Globally education authorities continue to ready the curriculum for their particular bailiwick, their own patch of the world, very often strongly swayed by the government of the day. Little or no thought is given to the reality of the socially networked world or ever evolving complex adaptive systems that geographic boundaries matter little as both the schools and their instructional programs naturally evolve in a remarkably common manner globally. The young are learning and being taught, whether the authorities like it or not, in a boundary less socially networked world over which governments have limited control.
Little is the wonder that the early adopter digital schools globally have chosen to largely disregard the ‘official’ curriculum and work with like-minded schools worldwide in the design their own.
At first glance it could be argued that the various education authorities could in time, particularly if they adopted a digital mindset, produce a curriculum for 24/7/365 schooling. Leaving aside the inherent inability of bureaucracies to accommodate rapid change there is also the telling reality that schools can’t hope to successfully use a 24/7/365 curriculum until the school has readied a supportive higher order digitally based ecosystem and culture, where all within the school’s community are ready to collaborate in advancing that mode of teaching.
All can see the folly of governments trying to impose a 24/7/365 socially networked curriculum on insular inward looking schools unwilling to genuinely collaborate with their communities, to distribute the control of the teaching and learning, to network and which are lacking the digital infrastructure and processes critical for ready collaboration.
In brief a sizeable proportion of the schools would be unwilling or unable to work with such a curriculum.
The key is to recognise that schools, even within the one authority, are at different evolutionary stages (Lee and Broadie, 2016, 43), to understand that those differences are on trend to grow at pace and to endorse the lead of the pathfinder schools and formally support school based curriculum design.
By all means provide if desired system and national guides for the various areas of learning, and matrices suggesting which of the teachers of the young might best teach what attributes, but understand in the curriculum design that schools will never be the same again, each is unique and should shape its own curriculum. Of note is that globally many professional associations already provide these guides.
While some might recoil at the mere idea of school based curriculum and student assessment remember that there are globally education authorities that have been successfully using school based curriculum, and indeed school based student assessment, for generations. The empowering of the professionals and expecting them to provide instructional leadership is not new.
Helbing in discussing the impact of the Digital Revolution (Helbing, 2014) made the telling observation that the accelerating pace of organisational evolution and transformation, and the inability of bureaucracies to handle that change obliges the societal adoption of self-regulating units that have the agility to thrive with the on-going change, seeming chaos and uncertainty.
The pathfinder schools have adapted to that reality.
In writing this piece we don’t expect most education authorities or governments to relinquish their control over the curriculum at any time in the near future. We most assuredly don’t expect most to cede their control of student assessment and adopt procedures consonant with a school-based curriculum.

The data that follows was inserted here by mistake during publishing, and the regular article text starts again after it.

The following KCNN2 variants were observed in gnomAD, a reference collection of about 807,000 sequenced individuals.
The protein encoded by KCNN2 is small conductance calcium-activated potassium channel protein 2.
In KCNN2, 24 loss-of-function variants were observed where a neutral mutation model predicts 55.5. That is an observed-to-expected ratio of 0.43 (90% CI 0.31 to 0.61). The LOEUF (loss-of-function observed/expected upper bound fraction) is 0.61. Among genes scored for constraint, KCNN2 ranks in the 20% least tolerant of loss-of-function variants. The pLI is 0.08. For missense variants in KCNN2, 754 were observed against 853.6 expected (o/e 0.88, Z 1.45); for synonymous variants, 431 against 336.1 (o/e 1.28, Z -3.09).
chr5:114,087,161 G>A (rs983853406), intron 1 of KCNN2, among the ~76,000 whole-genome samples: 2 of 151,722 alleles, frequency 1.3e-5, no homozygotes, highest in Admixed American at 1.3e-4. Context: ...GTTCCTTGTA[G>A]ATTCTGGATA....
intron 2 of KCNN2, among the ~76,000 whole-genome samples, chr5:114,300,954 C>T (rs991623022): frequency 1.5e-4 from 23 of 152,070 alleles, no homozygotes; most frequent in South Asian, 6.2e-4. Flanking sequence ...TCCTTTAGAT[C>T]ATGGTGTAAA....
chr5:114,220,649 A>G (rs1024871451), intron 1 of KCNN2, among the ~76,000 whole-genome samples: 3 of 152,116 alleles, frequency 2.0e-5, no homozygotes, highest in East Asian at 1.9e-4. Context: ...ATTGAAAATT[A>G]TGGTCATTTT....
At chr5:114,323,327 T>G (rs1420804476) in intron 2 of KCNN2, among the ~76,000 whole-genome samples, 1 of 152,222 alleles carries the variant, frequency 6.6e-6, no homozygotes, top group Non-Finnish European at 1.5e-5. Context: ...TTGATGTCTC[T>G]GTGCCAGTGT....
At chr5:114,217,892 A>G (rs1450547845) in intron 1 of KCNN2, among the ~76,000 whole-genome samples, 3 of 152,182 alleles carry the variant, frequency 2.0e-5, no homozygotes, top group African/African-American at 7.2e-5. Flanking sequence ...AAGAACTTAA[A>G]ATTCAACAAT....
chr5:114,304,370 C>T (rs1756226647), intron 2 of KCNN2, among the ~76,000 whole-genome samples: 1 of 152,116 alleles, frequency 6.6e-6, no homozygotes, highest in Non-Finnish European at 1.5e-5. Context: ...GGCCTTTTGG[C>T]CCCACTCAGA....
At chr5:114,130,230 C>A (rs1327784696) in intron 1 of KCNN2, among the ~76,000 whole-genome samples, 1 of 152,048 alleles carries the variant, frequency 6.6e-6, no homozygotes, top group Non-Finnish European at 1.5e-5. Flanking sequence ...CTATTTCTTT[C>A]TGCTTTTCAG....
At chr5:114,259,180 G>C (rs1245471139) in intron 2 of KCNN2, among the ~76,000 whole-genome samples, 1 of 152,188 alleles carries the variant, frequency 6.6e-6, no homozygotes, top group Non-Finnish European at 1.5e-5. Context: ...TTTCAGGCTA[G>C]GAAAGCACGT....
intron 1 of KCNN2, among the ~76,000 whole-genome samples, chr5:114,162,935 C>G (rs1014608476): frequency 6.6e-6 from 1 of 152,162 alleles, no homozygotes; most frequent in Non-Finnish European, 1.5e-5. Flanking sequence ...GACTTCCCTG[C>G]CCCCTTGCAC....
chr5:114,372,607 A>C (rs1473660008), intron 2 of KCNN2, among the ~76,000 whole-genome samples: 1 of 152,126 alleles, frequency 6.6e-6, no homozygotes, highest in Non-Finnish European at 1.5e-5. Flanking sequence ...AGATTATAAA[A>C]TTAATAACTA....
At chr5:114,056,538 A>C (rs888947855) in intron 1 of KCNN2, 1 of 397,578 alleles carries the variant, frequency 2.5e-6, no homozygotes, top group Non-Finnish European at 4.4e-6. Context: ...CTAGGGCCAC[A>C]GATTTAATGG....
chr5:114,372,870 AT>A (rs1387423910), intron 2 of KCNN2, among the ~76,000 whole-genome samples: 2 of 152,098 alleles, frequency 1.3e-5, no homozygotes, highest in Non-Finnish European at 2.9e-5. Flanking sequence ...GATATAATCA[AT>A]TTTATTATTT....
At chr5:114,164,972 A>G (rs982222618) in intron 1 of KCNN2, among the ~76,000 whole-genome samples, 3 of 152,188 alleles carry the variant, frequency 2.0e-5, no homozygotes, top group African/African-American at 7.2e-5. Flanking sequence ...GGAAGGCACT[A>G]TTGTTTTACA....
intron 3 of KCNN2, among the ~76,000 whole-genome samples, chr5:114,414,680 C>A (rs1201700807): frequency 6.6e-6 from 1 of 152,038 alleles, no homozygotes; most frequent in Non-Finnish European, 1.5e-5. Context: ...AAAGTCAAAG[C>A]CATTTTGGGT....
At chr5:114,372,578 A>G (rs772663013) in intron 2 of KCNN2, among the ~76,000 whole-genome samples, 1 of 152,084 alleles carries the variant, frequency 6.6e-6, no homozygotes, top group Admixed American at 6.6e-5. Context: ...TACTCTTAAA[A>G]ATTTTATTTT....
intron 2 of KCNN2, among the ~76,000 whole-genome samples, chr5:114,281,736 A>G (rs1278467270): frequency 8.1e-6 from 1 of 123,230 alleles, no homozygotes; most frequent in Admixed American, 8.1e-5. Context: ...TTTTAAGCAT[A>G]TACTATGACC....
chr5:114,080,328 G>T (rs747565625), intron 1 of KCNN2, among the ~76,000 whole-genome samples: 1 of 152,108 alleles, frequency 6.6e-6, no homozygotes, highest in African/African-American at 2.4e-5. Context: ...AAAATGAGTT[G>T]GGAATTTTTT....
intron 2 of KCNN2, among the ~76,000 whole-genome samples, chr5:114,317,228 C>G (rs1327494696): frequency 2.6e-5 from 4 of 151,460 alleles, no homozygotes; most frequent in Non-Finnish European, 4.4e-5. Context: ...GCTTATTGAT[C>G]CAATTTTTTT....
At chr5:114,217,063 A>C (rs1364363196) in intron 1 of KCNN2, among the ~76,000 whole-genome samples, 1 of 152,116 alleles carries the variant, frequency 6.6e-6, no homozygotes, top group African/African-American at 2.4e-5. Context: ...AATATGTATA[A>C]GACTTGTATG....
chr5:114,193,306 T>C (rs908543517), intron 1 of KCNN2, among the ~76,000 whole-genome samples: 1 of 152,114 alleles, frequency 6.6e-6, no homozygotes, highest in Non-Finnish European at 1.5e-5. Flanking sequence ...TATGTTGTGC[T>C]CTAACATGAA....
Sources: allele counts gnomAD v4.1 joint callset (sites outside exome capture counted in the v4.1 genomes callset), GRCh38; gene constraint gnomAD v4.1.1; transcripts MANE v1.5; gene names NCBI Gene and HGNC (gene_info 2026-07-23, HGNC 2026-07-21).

What they could do is to revisit the warning John Dewey, one of the world’s great educators, who a century ago offered in Democracy and Education:
As formal teaching and training grow in extent, there is the danger of creating an undesirable split between the experience gained in more direct associations and what is acquired in school, This danger was never greater than at the present time, on account of the rapid growth in the last few centuries of knowledge and technical modes of skill (Dewey, 1966. p11).
One hundred years on his concerns about society disregarding the ‘more direct associations’; the informal learning; the 80% plus of learning time available to the young outside the school walls are that much more critical.
Largely unwittingly schooling has in its formalising of the curriculum in the twentieth century created highly insular, dated learning institutions, largely removed from the real world.
It is time to heed Dewey’s advice, to re-establish the connection and to create schools and provide a curriculum appropriate for a rapidly evolving, socially networked society.
The authors would like to acknowledge the support and advice given by Professor Glenn Finger (Griffith University) and Greg Whitby (Executive Director Catholic Education Diocese of Parramatta) in the preparation of this piece.
- Dewey, J (1916), Democracy and education, New York
- Helbing, D (2014) ‘What the digital revolution means to us’. Science Business 12 June 2014 – http://bulletin.sciencebusiness.net/news/76591/What-the-digital-revolution-means-for-us
- Lee, M and Broadie, R (2016, 12) A Taxonomy of School Evolutionary Stages. 2nd Edition Armidale Douglas and Brown – http://douglasandbrown.com/publications/ =
- Lee, M and Broadie, R (2016, 43) ‘School Difference as the New Norm’, Digital Evolution of Schooling at www.digitalevolutionofschooling .net
- Nagel, D (2016) ‘Education in the ‘Fourth Wave’ of Science driven Economic Advancement’. T.H.E. Journal June 2016
- Pellegrino, J.W and Hilton, M.L., (eds) (2012) Education for Life and Work: Developing Transferable Knowledge and Skills in the 21st Century, Committee on Defining Deeper Learning and 21st Century Skills; Center for Education; Division on Behavioral and Social Sciences and Education; National Research Council